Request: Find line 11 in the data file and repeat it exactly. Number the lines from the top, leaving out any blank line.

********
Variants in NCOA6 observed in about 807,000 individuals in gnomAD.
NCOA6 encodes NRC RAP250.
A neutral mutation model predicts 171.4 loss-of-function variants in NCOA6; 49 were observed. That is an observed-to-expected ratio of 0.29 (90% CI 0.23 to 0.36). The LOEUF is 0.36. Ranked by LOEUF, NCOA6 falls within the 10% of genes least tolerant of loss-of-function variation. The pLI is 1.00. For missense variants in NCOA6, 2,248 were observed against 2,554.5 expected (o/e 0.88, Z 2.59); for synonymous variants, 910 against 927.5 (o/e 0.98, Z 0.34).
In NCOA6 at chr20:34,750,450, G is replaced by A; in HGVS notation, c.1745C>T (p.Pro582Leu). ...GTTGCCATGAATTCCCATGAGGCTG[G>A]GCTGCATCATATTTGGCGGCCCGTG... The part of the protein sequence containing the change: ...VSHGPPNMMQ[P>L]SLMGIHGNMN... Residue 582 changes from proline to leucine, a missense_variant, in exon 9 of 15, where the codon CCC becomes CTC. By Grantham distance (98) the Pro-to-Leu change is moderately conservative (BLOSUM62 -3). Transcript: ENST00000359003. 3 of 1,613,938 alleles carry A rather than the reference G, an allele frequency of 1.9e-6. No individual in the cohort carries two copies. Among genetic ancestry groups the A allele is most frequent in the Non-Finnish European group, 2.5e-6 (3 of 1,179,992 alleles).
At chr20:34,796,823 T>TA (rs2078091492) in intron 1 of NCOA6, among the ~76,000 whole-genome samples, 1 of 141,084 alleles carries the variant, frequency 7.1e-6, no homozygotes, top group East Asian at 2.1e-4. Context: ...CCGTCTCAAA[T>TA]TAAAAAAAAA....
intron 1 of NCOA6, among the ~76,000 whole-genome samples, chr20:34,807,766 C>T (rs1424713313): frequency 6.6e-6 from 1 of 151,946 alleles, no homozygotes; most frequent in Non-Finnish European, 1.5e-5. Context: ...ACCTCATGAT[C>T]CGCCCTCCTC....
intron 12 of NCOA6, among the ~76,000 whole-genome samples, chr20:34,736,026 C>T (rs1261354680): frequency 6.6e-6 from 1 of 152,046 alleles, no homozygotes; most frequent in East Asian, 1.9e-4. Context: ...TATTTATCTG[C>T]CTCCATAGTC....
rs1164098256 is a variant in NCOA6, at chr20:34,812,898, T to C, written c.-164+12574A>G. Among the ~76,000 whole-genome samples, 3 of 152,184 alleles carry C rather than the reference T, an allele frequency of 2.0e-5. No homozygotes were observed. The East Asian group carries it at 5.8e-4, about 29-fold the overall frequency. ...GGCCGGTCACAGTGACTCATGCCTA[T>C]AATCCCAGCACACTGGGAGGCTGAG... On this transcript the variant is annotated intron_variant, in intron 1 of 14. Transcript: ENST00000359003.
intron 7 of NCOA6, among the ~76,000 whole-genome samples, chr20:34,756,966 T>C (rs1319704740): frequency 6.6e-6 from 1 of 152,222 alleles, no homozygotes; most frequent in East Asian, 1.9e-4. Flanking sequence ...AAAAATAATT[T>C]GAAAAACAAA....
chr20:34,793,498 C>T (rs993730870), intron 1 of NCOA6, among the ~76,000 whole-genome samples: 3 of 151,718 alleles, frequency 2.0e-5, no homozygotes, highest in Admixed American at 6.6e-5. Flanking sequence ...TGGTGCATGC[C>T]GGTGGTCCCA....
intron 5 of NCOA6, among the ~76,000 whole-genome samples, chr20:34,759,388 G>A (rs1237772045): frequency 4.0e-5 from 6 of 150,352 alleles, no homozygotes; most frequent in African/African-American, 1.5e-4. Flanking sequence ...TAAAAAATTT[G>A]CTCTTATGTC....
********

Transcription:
intron 5 of NCOA6, among the ~76,000 whole-genome samples, chr20:34,759,388 G>A (rs1237772045): frequency 4.0e-5 from 6 of 150,352 alleles, no homozygotes; most frequent in African/African-American, 1.5e-4. Flanking sequence ...TAAAAAATTT[G>A]CTCTTATGTC....